The North American Riding for the Handicapped Association (NARHA) has recently announced plans to develop a nationwide program for America’s wounded service personnel and veterans. NARHA promotes equine assisted activities at more than 700 member centers in the U.S. and Canada, helping individuals with special needs gain greater independence through their involvement with horses.
In a meeting last weekend, the NARHA’s board of trustees, committees and membership representatives drew together to establish Horses For Heroes. A task force was formed to develop the program, pilot the methods to be used, educate member instructors and monitor any services provided through NARHA’s nationwide centers.
Based on the success of recent pilot programs at Ft. Hood in Texas and Ft. Myer in Virginia, NARHA wants to use the lessons learned to prepare local centers for these service personnel as they return to their home communities. The Horses For Heroes task force will oversee and facilitate the orderly development of appropriate equine assisted activities, such as therapeutic riding and driving, as well as equine facilitated psychotherapy, tailored specifically to the needs of service personnel and veterans.
NARHA’s Chief Executive Officer, Sheila Kemper Dietrich, notes, “This is a population that only a few of our centers have tried to serve in the past, but it is clear how helpful Equine Assisted Activities can be for our wounded service personnel and veterans, and we need to provide these opportunities and approach this in a systematic fashion.”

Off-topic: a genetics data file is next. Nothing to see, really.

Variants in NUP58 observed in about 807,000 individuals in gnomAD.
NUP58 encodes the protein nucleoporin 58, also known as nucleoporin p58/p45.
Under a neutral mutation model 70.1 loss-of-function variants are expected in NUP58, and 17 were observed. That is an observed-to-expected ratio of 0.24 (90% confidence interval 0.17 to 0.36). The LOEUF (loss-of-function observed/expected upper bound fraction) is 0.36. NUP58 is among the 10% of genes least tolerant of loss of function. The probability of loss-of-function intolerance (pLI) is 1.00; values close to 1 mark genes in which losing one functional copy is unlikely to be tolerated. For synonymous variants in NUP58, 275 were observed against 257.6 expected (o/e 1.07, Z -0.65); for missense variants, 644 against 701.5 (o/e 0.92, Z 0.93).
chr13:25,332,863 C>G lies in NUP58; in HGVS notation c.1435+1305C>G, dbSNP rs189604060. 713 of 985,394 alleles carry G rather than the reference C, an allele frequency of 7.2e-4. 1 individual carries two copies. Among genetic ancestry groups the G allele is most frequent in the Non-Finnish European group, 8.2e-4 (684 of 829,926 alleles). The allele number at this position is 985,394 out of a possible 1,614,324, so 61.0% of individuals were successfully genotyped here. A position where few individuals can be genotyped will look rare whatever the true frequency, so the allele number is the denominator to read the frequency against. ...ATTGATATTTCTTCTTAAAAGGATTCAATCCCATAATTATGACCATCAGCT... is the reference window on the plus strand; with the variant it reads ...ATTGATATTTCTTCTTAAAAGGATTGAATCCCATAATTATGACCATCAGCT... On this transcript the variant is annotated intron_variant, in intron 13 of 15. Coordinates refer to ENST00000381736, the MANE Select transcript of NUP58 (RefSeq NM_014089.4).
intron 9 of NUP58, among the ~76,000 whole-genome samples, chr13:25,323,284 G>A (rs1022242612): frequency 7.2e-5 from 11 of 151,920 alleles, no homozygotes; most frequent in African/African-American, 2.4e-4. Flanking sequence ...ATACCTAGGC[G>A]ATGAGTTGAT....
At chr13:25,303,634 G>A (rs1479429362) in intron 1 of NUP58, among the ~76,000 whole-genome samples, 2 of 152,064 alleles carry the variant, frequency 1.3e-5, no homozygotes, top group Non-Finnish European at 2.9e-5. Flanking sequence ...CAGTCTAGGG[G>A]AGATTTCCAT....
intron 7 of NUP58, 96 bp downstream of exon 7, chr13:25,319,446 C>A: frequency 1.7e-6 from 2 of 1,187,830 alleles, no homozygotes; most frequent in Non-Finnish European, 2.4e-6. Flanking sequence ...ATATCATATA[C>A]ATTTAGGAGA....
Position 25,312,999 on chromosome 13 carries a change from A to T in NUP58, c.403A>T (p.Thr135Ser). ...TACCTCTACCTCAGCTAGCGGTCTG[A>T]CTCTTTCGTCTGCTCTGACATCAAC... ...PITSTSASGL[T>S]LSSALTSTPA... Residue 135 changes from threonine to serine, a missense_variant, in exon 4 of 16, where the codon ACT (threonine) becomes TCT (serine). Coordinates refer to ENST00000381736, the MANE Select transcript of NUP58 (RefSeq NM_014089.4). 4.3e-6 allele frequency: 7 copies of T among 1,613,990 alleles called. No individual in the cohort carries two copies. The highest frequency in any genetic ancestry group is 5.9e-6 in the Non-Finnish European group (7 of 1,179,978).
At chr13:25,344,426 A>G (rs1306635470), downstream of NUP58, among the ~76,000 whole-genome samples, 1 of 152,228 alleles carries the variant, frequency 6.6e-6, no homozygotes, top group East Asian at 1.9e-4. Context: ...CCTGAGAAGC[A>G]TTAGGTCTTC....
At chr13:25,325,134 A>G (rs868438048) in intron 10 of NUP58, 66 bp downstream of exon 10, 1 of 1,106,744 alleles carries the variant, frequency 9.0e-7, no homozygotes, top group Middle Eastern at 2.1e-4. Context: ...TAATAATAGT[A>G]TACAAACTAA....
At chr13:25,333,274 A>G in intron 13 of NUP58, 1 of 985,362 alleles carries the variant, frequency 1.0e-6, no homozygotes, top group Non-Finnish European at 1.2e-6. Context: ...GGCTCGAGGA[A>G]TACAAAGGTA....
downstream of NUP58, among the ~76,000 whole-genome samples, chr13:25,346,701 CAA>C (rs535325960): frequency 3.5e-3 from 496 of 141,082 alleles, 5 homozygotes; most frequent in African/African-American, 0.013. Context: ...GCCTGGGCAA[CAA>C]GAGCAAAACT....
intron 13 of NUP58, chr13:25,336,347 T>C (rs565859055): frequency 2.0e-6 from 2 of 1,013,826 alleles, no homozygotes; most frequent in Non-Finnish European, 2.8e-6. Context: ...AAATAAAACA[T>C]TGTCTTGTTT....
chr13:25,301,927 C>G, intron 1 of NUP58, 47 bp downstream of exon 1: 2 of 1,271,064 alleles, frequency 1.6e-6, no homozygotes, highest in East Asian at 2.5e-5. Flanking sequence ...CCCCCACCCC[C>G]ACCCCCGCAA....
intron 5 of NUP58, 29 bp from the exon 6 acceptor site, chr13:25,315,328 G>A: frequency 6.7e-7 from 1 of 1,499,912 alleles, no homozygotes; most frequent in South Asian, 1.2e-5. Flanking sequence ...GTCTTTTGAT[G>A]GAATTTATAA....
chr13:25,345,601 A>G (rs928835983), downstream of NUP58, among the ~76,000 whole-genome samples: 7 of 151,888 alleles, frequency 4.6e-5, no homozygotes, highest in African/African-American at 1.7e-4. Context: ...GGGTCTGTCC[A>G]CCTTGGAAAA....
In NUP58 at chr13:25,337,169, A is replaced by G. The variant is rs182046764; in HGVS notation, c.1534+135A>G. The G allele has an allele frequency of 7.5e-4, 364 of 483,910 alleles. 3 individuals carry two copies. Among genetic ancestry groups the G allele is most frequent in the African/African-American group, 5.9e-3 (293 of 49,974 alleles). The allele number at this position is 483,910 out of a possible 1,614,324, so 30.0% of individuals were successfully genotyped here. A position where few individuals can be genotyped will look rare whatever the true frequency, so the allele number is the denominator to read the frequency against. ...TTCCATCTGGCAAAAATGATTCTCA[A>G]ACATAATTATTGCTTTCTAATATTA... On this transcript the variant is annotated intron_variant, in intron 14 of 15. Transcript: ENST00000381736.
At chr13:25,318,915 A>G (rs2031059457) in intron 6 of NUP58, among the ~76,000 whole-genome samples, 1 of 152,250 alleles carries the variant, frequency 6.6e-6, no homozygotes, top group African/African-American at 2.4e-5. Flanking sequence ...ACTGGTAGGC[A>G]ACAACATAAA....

NARHA’s national leadership in Horses For Heroes will create a primary point of contact for therapeutic riding centers, potential veteran or service personnel clients, interested health service providers, and for developing the financial resources to support the program. Kemper Dietrich is already negotiating with the Department of Veteran’s Affairs (DVA) to create a Memorandum of Understanding between the two organizations. Despite the overwhelming desire of many NARHA centers to help, Horses For Heroes will need to be properly funded and it is hoped that it will ultimately be furnished with a DVA reimbursement code, just as for other forms of treatment.
The North American Riding for the Handicapped Association, located in Denver, Colorado, was formed in 1969 to promote equine assisted activities for individuals with special needs. At over 700 member centers, a total of 36,000 children and adults find a sense of independence through involvement with horses. For more information about NARHA visit www.narha.org or call 800-369-RIDE.